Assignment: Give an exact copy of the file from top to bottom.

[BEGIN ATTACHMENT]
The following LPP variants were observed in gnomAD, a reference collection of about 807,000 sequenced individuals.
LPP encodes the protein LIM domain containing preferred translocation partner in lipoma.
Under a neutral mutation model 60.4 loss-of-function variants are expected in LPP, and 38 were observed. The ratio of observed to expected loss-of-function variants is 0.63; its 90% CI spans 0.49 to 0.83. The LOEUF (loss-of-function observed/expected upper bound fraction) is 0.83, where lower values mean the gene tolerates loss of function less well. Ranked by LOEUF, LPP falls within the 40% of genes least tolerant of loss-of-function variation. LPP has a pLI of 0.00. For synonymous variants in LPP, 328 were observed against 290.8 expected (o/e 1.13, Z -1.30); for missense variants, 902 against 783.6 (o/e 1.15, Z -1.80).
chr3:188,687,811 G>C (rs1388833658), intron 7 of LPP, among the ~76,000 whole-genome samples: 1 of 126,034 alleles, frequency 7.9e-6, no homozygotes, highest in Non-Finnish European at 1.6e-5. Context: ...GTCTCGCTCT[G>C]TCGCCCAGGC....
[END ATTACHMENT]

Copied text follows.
The following LPP variants were observed in gnomAD, a reference collection of about 807,000 sequenced individuals.
LPP encodes the protein LIM domain containing preferred translocation partner in lipoma.
Under a neutral mutation model 60.4 loss-of-function variants are expected in LPP, and 38 were observed. The ratio of observed to expected loss-of-function variants is 0.63; its 90% CI spans 0.49 to 0.83. The LOEUF (loss-of-function observed/expected upper bound fraction) is 0.83, where lower values mean the gene tolerates loss of function less well. Ranked by LOEUF, LPP falls within the 40% of genes least tolerant of loss-of-function variation. LPP has a pLI of 0.00. For synonymous variants in LPP, 328 were observed against 290.8 expected (o/e 1.13, Z -1.30); for missense variants, 902 against 783.6 (o/e 1.15, Z -1.80).
chr3:188,687,811 G>C (rs1388833658), intron 7 of LPP, among the ~76,000 whole-genome samples: 1 of 126,034 alleles, frequency 7.9e-6, no homozygotes, highest in Non-Finnish European at 1.6e-5. Context: ...GTCTCGCTCT[G>C]TCGCCCAGGC....